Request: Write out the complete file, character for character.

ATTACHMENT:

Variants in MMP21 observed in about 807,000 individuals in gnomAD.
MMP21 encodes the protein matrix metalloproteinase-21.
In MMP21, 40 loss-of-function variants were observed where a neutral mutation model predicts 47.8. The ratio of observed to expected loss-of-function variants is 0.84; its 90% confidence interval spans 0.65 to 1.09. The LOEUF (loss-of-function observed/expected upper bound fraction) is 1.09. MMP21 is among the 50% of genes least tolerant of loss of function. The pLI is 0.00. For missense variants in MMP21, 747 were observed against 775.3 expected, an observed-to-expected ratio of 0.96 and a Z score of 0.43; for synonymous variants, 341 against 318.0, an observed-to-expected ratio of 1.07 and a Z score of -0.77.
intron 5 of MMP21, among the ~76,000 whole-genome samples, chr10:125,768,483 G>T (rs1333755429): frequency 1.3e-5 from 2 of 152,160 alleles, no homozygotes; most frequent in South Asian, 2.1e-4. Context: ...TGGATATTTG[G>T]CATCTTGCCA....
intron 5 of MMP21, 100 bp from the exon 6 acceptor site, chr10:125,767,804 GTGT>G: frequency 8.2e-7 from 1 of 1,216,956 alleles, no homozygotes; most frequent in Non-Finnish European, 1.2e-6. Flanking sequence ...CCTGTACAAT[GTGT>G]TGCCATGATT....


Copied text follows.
Variants in MMP21 observed in about 807,000 individuals in gnomAD.
MMP21 encodes the protein matrix metalloproteinase-21.
In MMP21, 40 loss-of-function variants were observed where a neutral mutation model predicts 47.8. The ratio of observed to expected loss-of-function variants is 0.84; its 90% confidence interval spans 0.65 to 1.09. The LOEUF (loss-of-function observed/expected upper bound fraction) is 1.09. MMP21 is among the 50% of genes least tolerant of loss of function. The pLI is 0.00. For missense variants in MMP21, 747 were observed against 775.3 expected, an observed-to-expected ratio of 0.96 and a Z score of 0.43; for synonymous variants, 341 against 318.0, an observed-to-expected ratio of 1.07 and a Z score of -0.77.
intron 5 of MMP21, among the ~76,000 whole-genome samples, chr10:125,768,483 G>T (rs1333755429): frequency 1.3e-5 from 2 of 152,160 alleles, no homozygotes; most frequent in South Asian, 2.1e-4. Context: ...TGGATATTTG[G>T]CATCTTGCCA....
intron 5 of MMP21, 100 bp from the exon 6 acceptor site, chr10:125,767,804 GTGT>G: frequency 8.2e-7 from 1 of 1,216,956 alleles, no homozygotes; most frequent in Non-Finnish European, 1.2e-6. Flanking sequence ...CCTGTACAAT[GTGT>G]TGCCATGATT....